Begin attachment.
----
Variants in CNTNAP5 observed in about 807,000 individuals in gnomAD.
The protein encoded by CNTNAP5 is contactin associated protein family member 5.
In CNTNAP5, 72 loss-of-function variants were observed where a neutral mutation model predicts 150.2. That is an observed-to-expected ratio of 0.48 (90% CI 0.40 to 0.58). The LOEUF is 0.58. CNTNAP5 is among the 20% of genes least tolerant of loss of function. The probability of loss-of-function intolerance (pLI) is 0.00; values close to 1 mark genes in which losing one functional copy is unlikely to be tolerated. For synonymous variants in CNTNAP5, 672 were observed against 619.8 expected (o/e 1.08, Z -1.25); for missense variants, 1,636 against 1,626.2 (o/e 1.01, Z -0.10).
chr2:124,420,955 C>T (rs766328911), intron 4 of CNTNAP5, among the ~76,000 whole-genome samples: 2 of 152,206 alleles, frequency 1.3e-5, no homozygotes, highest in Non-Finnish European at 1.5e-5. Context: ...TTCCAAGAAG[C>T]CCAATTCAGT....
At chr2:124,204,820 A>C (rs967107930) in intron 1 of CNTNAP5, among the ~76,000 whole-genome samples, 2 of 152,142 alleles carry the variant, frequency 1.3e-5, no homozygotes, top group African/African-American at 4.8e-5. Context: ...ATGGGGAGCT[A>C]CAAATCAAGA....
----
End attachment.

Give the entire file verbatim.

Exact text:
Variants in CNTNAP5 observed in about 807,000 individuals in gnomAD.
The protein encoded by CNTNAP5 is contactin associated protein family member 5.
In CNTNAP5, 72 loss-of-function variants were observed where a neutral mutation model predicts 150.2. That is an observed-to-expected ratio of 0.48 (90% CI 0.40 to 0.58). The LOEUF is 0.58. CNTNAP5 is among the 20% of genes least tolerant of loss of function. The probability of loss-of-function intolerance (pLI) is 0.00; values close to 1 mark genes in which losing one functional copy is unlikely to be tolerated. For synonymous variants in CNTNAP5, 672 were observed against 619.8 expected (o/e 1.08, Z -1.25); for missense variants, 1,636 against 1,626.2 (o/e 1.01, Z -0.10).
chr2:124,420,955 C>T (rs766328911), intron 4 of CNTNAP5, among the ~76,000 whole-genome samples: 2 of 152,206 alleles, frequency 1.3e-5, no homozygotes, highest in Non-Finnish European at 1.5e-5. Context: ...TTCCAAGAAG[C>T]CCAATTCAGT....
At chr2:124,204,820 A>C (rs967107930) in intron 1 of CNTNAP5, among the ~76,000 whole-genome samples, 2 of 152,142 alleles carry the variant, frequency 1.3e-5, no homozygotes, top group African/African-American at 4.8e-5. Context: ...ATGGGGAGCT[A>C]CAAATCAAGA....